Date of Award


Document Type

Dissertation - Open Access

Degree Name

Doctor of Philosophy in Mechanical Engineering


Mechanical Engineering

Committee Chair

Marc Compere, Ph.D.

First Committee Member

Eric Coyle, Ph.D.

Second Committee Member

Patrick Currier, Ph.D.

Third Committee Member

Hongyun Chen, Ph.D.


Precise pose information is a fundamental prerequisite for numerous applications in robotics, Artificial Intelligent and mobile computing. Many well-developed algorithms have been established using a single sensor or multiple sensors. Visual Inertial Odometry (VIO) uses images and inertial measurements to estimate the motion and is considered a key technology for GPS-denied localization in the real world and also virtual reality and augmented reality.

This study develops three novel learning-based approaches to Odometry estimation using a monocular camera and inertial measurement unit. The networks are well-trained on standard datasets, KITTI and EuROC, and a custom dataset using supervised, unsupervised and semi-supervised training methods. Compared to traditional methods, the deep-learning methods presented here do not require precise manual synchronization of the camera and IMU or explicit camera calibration.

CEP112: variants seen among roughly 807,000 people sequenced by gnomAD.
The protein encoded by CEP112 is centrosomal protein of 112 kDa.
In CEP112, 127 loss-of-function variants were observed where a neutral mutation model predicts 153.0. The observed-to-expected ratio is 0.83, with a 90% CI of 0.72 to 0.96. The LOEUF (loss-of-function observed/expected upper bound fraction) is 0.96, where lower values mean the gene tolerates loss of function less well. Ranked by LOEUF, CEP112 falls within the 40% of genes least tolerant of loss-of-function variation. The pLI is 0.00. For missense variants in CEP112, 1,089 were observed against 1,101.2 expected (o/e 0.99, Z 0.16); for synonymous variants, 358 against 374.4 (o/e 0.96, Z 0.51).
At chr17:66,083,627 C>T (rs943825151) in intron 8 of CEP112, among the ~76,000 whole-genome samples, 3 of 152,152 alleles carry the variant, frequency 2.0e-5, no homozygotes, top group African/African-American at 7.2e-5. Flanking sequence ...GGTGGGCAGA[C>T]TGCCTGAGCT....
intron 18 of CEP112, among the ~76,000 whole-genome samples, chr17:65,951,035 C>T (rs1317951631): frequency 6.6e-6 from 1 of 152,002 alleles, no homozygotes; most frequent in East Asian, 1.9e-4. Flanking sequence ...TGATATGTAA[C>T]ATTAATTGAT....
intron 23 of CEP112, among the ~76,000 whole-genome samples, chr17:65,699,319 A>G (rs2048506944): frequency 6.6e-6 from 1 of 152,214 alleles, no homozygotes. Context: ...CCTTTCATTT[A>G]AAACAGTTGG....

To the best of our knowledge, the proposed supervised method is a novel end-to-end trainable Visual-Inertial Odometry method with an IMU pre-integration module,that simplifies the network architecture and reduces the computation cost. Meanwhile, the unsupervised Visual-Inertial Odometry method shows its novelty in achieving outstanding accuracy in Odometry estimation while training with monocular images and inertial measurements only. Last but not least, the semi-supervised method is the first VisualInertial Odometry approach that uses a semi-supervised training technique in the literature, allowing the network to learn from both labeled and unlabeled datasets.

Through our qualitative and quantitative experimentation on a wide range of datasets, we conclude that the proposed methods can be used to obtain accurate visual localization information to a wide variety of consumer devices and robotic platforms.